A young woman still wearing last night’s makeup hears a commotion over her Waterloo Park property fence.
She takes a sleepy glance.
Through crusty eyelashes she encounters a scene of wonder and bemusement – men and women, armed and armoured, yelling and charging, stabbing and sweating.
They are the Red Ravens, Palmerston North’s own medieval mercenary club, who meet every Sunday at Hokowhitu Scout Hall.
They have 20 members, most of whom kit up in authentic medieval garb.
They salute the Ravens flag and then take part in competitive battles and games.
There is display fighting too, where it is less about technique and more about creating a brouhaha.
Faint-hearted Ravens take part in archery, crafting and mead brewing.
Edrei Valath has been a member for roughly 10 years.
He looks like a film character and is struggling in the heat.
Valath lugs about 30 kilograms of armour around the battlefield.
He wears 11th-century replica chain mail, a helmet which took two years to make and materially accurate undergarments.
Only his shoes fail the authenticity test.
The authentic ones are sitting at home, he explains, torn at the seams from overuse.
‘‘At the start I came for the fighting but I quickly decided I wanted the gear.
‘‘I want to look the part.’’
Top of the line chain mail can cost more than $1000, but for members like Valath it is money worth spending.
‘‘I love it. It’s the activities and the variety that bring me back.
‘‘Nowhere else can you involve a bit of history, education, physical activity and dress up in one place.’’
Engraver and Red Ravens member John Flower’s pride and joy is his ‘‘perfectly-balanced’’ sword.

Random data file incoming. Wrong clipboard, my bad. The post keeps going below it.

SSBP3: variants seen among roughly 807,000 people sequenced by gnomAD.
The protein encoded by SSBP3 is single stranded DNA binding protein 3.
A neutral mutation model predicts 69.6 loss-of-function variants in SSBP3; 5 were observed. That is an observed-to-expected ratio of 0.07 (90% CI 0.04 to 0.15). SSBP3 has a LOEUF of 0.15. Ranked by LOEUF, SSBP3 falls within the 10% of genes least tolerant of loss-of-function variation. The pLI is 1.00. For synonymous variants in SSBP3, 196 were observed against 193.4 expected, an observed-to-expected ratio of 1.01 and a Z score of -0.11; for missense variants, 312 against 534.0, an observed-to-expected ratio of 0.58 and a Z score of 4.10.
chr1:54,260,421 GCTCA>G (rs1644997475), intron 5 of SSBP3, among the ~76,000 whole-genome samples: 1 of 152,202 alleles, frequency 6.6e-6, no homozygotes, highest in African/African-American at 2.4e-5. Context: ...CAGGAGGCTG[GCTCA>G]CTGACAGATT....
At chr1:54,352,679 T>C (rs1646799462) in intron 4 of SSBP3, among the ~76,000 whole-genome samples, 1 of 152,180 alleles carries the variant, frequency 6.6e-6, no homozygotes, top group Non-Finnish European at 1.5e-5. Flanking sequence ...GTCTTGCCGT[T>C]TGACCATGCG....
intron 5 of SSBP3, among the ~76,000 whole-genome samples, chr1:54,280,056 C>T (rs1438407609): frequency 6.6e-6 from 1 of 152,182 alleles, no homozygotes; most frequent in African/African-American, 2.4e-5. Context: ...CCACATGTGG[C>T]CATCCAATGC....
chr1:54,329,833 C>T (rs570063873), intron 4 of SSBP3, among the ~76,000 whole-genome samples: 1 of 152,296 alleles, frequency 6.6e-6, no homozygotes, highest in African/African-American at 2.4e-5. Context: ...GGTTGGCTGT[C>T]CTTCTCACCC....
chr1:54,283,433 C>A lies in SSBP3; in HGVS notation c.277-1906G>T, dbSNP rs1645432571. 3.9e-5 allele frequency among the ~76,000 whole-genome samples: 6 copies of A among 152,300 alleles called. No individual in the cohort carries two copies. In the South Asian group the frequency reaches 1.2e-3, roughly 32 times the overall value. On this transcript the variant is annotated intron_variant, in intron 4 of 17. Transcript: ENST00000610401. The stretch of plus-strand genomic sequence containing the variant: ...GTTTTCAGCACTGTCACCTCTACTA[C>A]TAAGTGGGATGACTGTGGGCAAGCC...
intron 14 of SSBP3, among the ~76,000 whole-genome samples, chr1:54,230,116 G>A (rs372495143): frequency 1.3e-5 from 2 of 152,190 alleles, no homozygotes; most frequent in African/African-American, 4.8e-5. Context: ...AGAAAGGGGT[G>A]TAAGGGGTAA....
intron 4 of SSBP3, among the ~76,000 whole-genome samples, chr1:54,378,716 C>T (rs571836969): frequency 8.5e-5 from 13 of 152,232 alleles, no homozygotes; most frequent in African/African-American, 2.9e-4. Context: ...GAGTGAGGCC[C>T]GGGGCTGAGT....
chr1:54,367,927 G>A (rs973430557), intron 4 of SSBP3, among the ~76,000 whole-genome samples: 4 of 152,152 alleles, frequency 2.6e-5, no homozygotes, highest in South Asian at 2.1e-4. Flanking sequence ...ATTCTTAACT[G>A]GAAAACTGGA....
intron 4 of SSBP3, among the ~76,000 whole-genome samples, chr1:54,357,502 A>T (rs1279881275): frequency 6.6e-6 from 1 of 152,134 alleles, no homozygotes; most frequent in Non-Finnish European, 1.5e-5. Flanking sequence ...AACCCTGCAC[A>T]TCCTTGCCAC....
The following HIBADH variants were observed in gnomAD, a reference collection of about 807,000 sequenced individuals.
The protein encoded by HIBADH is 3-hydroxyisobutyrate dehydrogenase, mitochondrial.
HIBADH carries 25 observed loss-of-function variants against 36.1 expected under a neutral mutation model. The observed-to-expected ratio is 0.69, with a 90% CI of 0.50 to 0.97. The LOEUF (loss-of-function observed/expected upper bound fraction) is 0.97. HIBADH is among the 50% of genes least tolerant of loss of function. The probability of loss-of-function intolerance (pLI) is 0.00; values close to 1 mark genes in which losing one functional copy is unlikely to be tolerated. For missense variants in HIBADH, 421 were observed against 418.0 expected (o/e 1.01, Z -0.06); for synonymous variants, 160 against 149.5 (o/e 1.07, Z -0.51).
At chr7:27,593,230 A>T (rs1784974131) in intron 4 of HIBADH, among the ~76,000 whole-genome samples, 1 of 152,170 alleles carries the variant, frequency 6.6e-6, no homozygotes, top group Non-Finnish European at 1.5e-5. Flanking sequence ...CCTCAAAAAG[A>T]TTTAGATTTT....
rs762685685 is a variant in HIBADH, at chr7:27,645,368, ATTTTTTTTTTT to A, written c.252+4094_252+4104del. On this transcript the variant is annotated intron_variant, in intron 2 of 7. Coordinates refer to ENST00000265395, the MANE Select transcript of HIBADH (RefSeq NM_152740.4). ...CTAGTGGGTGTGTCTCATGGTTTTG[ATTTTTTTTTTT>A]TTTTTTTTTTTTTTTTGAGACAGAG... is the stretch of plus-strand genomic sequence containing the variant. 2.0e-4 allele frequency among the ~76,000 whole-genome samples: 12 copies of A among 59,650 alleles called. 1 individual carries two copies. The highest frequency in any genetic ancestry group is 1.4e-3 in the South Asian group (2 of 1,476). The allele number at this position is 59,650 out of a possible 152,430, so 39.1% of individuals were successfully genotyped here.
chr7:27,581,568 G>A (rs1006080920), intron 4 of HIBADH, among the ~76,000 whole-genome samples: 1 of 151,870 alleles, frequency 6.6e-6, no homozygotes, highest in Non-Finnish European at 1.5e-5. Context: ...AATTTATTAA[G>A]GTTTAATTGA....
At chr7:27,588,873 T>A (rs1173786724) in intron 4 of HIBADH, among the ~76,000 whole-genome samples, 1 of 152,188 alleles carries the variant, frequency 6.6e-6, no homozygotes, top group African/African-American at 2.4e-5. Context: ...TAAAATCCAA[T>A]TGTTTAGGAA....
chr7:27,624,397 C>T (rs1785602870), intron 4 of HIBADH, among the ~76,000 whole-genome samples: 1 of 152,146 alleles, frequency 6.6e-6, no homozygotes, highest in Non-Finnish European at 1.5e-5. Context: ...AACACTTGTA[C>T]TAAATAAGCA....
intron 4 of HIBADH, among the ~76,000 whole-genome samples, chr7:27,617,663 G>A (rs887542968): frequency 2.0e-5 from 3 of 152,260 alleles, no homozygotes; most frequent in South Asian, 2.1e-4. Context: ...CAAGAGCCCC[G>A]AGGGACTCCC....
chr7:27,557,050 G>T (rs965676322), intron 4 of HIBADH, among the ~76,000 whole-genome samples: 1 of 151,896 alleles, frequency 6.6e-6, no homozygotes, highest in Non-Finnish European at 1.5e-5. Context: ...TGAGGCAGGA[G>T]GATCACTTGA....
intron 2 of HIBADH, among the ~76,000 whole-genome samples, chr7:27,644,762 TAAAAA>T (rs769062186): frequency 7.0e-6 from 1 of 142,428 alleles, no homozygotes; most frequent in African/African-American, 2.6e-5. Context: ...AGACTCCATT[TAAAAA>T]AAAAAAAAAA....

Flower loves to fight.
‘‘There is great scope here for developing skills or simply seeing how our ancestors used to fight.
‘‘You can read a book about what they did, or you can put it into action.’’
New members at the Ravens are introduced to basic fighting technique with wood weapons over a six-week introductory period.
Once they have passed their initiation ceremony the fun begins.
As well as club days there are inter-club camps anyone can attend, where battles take place over a weekend.
The Ravens’ own camp over Easter had 50 people at it this year.
Some camps get hundreds of people. Some get three.
Ravens captain Sef Embi has the job of organising his crew. It is volunteer work but he would not have it any other way.
‘‘It’s a huge social network – there’s rarely a weekend that goes by where we don’t end up at someone’s house drinking.’’
The club began ‘‘at least 13 years ago’’ and there have been a few changes over the years.
Four club members were in The Lord of the Rings and Embi thinks the movies have had an impact on club combat – particularly when they get students joining at the start of the university year.
‘‘We get a lot of newbies that come in and say ‘I saw this one move in a movie’ so we say ‘show us’.
‘‘What you see in the movies is display combat because it looks pretty. It won’t get you anywhere.
‘‘But if you have seen it in a movie and there is a historically accurate basis for it, we probably do it.’’
Embi says those who stop and watch what the Ravens do often believe it is more dangerous than it is.
The young woman watching has seen enough.
With a smirk she turns away and wanders back to her stereo.
Modern music begins to blast out from her speakers.
The Ravens carry on, fighting to the beat of a song made 10 centuries too late.
The Red Ravens meet every Sunday at Hokowhitu Scout Hall, 10am until 1pm. Contact Sef Embi on 021 134 9500 to join or to find out more.
* If you would like your club, group or organisation to be considered for a profile, email email@example.com with ‘‘Join The Club’’ in the subject line.
- Manawatu Standard
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